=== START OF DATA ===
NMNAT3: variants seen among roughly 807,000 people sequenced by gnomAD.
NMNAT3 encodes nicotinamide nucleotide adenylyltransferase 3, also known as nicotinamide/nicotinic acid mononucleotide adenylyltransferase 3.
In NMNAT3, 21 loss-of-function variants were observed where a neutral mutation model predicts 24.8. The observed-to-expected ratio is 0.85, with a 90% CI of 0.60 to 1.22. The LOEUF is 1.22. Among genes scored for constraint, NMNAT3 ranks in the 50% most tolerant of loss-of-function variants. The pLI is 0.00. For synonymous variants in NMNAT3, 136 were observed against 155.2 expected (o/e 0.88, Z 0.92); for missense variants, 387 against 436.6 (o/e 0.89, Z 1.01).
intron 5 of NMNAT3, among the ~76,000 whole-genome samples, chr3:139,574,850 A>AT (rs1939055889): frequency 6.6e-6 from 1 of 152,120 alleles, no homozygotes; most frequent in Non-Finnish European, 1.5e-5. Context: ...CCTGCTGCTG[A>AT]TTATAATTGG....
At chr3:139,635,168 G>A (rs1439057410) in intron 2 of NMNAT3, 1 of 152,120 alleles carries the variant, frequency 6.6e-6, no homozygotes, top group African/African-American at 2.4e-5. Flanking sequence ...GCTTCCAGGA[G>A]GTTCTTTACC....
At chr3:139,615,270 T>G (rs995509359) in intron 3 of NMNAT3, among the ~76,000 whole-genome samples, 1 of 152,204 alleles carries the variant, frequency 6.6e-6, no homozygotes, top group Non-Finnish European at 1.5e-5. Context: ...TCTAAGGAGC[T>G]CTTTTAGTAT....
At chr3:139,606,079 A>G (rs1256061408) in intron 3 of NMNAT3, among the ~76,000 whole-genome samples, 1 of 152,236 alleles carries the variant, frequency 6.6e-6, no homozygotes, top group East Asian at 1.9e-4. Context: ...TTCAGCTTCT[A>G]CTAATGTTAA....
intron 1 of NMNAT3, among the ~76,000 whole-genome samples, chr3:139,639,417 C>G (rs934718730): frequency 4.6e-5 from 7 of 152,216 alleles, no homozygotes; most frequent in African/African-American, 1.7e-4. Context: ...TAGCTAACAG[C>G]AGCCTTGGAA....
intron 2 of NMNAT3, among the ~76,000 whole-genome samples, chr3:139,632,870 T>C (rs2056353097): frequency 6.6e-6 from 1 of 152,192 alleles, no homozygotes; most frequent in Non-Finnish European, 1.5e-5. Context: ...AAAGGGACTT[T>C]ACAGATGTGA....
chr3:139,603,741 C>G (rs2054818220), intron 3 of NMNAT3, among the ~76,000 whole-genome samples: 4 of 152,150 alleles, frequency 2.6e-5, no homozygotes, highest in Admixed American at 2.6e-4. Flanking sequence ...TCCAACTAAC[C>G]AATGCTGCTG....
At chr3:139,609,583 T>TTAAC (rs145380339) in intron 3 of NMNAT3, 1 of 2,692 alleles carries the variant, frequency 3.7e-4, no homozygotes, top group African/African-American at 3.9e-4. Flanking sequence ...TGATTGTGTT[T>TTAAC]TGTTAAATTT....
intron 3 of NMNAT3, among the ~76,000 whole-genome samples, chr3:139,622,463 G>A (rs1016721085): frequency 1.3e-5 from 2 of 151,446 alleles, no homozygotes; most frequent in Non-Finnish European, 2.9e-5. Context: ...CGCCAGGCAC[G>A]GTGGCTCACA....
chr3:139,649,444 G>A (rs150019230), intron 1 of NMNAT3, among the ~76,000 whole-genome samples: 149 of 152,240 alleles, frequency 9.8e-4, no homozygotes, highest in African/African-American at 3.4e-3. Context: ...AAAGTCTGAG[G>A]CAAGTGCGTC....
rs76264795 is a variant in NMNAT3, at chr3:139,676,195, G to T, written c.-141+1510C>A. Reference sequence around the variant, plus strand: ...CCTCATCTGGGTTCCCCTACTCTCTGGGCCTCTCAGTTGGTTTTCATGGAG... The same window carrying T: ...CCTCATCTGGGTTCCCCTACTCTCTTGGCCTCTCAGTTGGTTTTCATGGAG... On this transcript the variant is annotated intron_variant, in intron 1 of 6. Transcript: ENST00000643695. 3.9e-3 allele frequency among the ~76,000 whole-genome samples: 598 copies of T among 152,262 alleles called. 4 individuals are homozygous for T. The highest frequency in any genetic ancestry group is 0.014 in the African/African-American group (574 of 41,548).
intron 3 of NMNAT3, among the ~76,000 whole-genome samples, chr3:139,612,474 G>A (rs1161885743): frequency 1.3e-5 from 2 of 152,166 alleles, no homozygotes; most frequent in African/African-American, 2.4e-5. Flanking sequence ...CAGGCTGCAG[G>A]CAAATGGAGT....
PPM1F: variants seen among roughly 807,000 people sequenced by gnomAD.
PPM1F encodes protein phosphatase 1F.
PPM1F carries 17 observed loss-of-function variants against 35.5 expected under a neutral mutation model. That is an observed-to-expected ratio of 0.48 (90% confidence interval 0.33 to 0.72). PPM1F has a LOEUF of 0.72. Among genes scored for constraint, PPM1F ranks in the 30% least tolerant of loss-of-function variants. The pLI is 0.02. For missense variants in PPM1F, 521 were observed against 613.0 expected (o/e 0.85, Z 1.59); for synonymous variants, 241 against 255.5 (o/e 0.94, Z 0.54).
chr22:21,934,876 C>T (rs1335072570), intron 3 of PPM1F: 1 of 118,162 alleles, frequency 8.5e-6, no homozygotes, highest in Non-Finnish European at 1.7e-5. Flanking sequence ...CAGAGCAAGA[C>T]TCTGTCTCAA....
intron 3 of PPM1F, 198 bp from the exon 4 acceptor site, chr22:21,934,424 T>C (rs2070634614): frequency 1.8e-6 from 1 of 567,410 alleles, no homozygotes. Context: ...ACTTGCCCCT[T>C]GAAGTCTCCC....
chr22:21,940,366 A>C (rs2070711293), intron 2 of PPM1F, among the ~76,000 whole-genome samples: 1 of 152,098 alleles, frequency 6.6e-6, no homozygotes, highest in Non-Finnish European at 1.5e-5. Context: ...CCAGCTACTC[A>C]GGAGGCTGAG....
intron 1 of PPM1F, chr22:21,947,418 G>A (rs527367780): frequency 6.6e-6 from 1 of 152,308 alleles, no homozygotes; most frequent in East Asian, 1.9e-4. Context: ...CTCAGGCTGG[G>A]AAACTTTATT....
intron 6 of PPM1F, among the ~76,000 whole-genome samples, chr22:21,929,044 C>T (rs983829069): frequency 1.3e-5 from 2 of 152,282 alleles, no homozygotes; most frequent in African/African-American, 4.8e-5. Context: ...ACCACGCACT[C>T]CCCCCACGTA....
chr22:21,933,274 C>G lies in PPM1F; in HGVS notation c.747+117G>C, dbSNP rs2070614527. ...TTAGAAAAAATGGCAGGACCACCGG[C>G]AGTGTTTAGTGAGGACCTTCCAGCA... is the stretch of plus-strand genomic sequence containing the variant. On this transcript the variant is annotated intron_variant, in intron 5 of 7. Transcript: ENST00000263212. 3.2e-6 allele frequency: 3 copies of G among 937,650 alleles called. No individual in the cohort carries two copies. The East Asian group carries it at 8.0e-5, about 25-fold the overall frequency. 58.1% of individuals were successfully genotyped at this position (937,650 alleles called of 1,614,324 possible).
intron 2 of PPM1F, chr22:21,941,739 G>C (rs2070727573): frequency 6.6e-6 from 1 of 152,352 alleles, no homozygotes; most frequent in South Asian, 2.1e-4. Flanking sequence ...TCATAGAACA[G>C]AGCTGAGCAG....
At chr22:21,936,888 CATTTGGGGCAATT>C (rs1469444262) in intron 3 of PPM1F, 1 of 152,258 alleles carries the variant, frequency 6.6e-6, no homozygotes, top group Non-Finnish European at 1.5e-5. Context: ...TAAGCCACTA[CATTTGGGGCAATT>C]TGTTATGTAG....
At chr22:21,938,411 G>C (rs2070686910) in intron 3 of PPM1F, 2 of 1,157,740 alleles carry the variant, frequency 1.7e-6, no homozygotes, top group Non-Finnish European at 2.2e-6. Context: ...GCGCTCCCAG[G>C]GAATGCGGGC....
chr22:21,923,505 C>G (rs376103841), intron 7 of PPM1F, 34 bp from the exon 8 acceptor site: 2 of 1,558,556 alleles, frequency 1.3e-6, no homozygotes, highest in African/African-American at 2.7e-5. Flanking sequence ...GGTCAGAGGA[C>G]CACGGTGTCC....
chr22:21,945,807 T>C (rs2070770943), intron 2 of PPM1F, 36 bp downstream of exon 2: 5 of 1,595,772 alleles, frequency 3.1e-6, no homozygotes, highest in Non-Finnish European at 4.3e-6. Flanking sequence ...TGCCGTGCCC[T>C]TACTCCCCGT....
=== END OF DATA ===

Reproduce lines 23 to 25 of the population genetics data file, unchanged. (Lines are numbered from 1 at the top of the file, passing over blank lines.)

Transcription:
intron 6 of PPM1F, among the ~76,000 whole-genome samples, chr22:21,929,044 C>T (rs983829069): frequency 1.3e-5 from 2 of 152,282 alleles, no homozygotes; most frequent in African/African-American, 4.8e-5. Context: ...ACCACGCACT[C>T]CCCCCACGTA....
chr22:21,933,274 C>G lies in PPM1F; in HGVS notation c.747+117G>C, dbSNP rs2070614527. ...TTAGAAAAAATGGCAGGACCACCGG[C>G]AGTGTTTAGTGAGGACCTTCCAGCA... is the stretch of plus-strand genomic sequence containing the variant. On this transcript the variant is annotated intron_variant, in intron 5 of 7. Transcript: ENST00000263212. 3.2e-6 allele frequency: 3 copies of G among 937,650 alleles called. No individual in the cohort carries two copies. The East Asian group carries it at 8.0e-5, about 25-fold the overall frequency. 58.1% of individuals were successfully genotyped at this position (937,650 alleles called of 1,614,324 possible).
intron 2 of PPM1F, chr22:21,941,739 G>C (rs2070727573): frequency 6.6e-6 from 1 of 152,352 alleles, no homozygotes; most frequent in South Asian, 2.1e-4. Flanking sequence ...TCATAGAACA[G>C]AGCTGAGCAG....